Most American fundamentalist Christians of any denomination or of no denomination believe that the Bible is inerrant, meaning that every word in it is the absolute truth, and the word of God. This is less a traditional Christian idea than it is a Muslim one. For two thousand years Christianity was built on interpretations of the Bible. That is why there are divinity schools. Taken on their own, the four Gospels differ over the questions of who was present at Jesus’ execution, what he and those around him said then, and what happened immediately afterward. The Bible is perhaps the best book ever written, the greatest story ever told, and the fundamental text of one of the world’s great religions, but it is also a beautifully poetic work that we read in English, having been translated from Latin, which was translated from Greek, which is the language in which it was written at least a generation after the death of Jesus, who spoke Aramaic. Part of its poetic beauty and its spiritual strength are its many ironies and paradoxes. To say that it is inerrant is about the same as saying one has not read it and does not need to, which may also be the point of “experiencing” Jesus.

A greater percentage of people in the United States identify themselves as being religious than in any other country in the West. This is even more the case outside of the big cities and on the coasts, or to put it another way, it is more the case where Trump got his votes. Many historians have pointed out that the growth of the Southern Baptist Church occurred largely after the Civil War and in reaction to Southern defeat. It is almost as if the driving force of the resentment of Northern military might have turned into the resentment of the mainstream media, which may not be all that different. To say that in many ways Donald Trump is a kind of American religious leader, or that he has ridden that current, may not be all that farfetched.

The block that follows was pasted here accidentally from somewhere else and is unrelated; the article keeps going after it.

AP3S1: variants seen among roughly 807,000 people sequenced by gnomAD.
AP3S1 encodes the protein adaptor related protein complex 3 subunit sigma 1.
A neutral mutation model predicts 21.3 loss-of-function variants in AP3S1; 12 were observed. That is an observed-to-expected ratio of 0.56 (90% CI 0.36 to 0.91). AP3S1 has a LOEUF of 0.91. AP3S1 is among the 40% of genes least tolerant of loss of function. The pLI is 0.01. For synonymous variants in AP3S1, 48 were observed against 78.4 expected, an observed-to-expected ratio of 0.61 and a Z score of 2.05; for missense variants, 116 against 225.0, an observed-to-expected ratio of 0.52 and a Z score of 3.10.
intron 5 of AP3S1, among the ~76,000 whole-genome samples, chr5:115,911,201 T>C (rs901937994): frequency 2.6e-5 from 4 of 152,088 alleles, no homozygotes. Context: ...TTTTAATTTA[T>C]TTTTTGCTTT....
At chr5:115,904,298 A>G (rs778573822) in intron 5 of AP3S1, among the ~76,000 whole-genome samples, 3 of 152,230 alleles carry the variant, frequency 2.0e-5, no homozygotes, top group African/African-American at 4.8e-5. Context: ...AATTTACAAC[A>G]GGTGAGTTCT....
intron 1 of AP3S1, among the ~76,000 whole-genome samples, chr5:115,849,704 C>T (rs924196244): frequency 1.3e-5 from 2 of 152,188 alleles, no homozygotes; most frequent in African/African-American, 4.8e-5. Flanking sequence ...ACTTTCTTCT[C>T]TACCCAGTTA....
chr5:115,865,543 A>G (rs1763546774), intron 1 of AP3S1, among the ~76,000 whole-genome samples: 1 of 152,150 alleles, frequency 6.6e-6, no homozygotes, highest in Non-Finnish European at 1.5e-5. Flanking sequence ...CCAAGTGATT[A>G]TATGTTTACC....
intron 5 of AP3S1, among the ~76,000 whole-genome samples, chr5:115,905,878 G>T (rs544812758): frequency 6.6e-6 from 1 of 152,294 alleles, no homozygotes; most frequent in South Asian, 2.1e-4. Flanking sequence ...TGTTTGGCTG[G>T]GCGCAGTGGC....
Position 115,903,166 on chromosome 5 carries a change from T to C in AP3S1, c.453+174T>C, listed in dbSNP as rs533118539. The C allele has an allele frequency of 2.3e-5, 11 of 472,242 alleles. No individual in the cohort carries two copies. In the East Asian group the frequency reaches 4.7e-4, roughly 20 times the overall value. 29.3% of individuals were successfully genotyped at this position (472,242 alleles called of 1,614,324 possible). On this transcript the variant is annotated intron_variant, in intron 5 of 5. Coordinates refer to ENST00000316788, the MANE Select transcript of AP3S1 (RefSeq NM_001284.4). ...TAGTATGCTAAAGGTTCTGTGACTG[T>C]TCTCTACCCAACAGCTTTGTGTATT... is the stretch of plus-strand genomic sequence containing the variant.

So, Donald Trump states that he has done more in his Presidency at this point than any other President, and labels The New York Times and The Washington Post as fake news, and out to persecute him. And tens of millions of people act in belief of those statements. Many Presidents and Presidential candidates have made a pact with the religious right, but only one has asked people to take his fabulous statements on faith, and to act on that faith. We may not be living through a real life version of George Orwell’s 1984, but something more along the lines of Sinclair Lewis’ Elmer Gantry.

(Gerald Weaver is the author of the novel, The First First Gentleman, August 2016, London Wall Publishing. It is among other things a sly tribute to almost all the novels of Charles Dickens. His well-received first novel, Gospel Prism, was published in May 2015. Each of its twelve chapters paraphrases a great work, by Cervantes, Montaigne, Shakespeare, etc. Harold Bloom said it was “remarkable” and “charming but disturbing.”)